Roger Scruton

Diary – 17 April 2019

I travel back from London with the St Matthew Passion filling my head, after the moving performance from the Elysian Singers and Royal Orchestral Society under Sam Laughton at St James’s Piccadilly. Why does that last chord send shivers down the spine? The dark instrumentation, the sense that it is not an ending but a beginning, that this shadow-filled saraband will repeat itself for ever? Or is it just the story — surely one of the greatest narratives in all literature, in which nothing is redundant and yet everything is said? I arrive home with the chord still in my head, C minor with a B natural thrust like a sword into its heart. It foretells the week ahead. I devote the rest of the day to my report for the Building Better, Building Beautiful Commission.


The commission has concluded that beauty in ordinary architecture is inseparable from the sense of place. I explain it to the family. It is almost the first time we have sat down to dinner since work started on the commission some three months ago. What a relief when it will be over at last, and we can be together in the place that is ours.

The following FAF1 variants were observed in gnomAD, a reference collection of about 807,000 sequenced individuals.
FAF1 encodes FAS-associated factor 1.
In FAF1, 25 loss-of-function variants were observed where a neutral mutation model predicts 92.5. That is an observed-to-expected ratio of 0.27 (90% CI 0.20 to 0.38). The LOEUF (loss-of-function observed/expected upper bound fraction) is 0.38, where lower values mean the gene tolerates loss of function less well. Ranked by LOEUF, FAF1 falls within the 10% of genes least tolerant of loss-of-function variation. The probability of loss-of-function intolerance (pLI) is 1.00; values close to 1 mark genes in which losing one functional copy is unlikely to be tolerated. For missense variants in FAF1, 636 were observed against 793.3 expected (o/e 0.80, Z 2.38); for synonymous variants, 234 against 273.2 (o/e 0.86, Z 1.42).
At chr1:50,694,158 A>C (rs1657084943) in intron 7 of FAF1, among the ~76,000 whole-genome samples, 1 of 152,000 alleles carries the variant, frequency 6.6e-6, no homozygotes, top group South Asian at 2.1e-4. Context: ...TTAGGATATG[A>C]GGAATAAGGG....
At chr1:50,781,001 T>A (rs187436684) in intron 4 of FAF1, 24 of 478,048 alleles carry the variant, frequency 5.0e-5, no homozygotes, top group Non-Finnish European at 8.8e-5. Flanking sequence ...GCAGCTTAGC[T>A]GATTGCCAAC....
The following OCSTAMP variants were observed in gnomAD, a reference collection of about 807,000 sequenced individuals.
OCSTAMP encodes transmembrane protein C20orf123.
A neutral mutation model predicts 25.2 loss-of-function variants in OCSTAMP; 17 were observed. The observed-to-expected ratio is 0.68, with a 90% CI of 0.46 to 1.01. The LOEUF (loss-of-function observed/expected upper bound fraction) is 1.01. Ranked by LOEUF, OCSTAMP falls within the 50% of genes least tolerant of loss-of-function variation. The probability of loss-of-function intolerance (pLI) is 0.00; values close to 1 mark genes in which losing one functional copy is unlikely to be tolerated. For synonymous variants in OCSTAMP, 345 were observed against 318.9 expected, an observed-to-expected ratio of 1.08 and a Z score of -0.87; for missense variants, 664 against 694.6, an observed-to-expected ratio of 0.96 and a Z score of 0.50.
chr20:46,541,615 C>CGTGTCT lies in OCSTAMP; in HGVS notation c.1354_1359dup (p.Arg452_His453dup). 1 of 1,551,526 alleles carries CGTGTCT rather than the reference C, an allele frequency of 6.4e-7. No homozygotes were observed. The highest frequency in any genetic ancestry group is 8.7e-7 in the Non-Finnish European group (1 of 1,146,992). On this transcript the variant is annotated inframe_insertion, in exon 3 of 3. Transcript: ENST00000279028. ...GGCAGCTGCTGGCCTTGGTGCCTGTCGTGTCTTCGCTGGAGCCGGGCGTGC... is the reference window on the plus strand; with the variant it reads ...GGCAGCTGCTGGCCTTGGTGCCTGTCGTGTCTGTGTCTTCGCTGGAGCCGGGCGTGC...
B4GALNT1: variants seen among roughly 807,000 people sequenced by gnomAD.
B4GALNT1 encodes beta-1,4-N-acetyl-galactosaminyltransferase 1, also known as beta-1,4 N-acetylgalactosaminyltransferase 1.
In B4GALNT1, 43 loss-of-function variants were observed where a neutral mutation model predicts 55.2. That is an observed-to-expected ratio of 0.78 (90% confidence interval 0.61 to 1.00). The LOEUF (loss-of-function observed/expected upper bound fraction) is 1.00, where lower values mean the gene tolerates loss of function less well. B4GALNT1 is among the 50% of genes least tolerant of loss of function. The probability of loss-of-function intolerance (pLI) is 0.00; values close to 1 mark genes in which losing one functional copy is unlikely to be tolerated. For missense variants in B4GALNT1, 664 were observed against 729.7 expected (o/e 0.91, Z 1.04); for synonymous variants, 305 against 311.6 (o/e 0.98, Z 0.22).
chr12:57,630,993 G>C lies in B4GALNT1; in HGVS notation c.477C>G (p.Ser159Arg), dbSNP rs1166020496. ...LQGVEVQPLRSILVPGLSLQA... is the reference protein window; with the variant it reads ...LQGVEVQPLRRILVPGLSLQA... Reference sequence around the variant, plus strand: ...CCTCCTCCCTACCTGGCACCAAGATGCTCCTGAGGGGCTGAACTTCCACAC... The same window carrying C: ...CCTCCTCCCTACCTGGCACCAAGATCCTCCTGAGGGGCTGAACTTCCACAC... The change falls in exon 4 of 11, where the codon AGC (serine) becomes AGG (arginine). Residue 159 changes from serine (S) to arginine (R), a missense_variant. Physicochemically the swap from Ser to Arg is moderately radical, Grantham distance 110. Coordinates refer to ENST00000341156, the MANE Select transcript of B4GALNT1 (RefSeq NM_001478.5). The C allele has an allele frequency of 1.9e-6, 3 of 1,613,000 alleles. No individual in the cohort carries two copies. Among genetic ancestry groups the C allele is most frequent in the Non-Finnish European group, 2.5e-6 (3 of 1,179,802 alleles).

On Tuesday, at a meeting of the commissioners and advisory board, I explain our work so far: visits, conversations, focus groups and the public spirit and decency of all the people we have encountered. Even if the politicians are at a loss to understand the problem, the people seem clear about it. The problem is ugliness — the glass and concrete cubes in the towns, the houses dumped in the fields without streets, centres or public spaces, the abuse of historic settlements and cherished landscapes that once were somewhere and now are nowhere. Do we have a solution? I am determined to find one.


To Paris on the Eurostar — always a treat, not least because it leaves from St Pancras, the clearest proof that beauty, utility, popularity and adaptability all go together.

Already a subscriber? Log in

Keep reading with a free trial

Subscribe and get your first month of online and app access for free. After that it’s just £1 a week.

There’s no commitment, you can cancel any time.


Unlock more articles



Don't miss out

Join the conversation with other Spectator readers. Subscribe to leave a comment.

Already a subscriber? Log in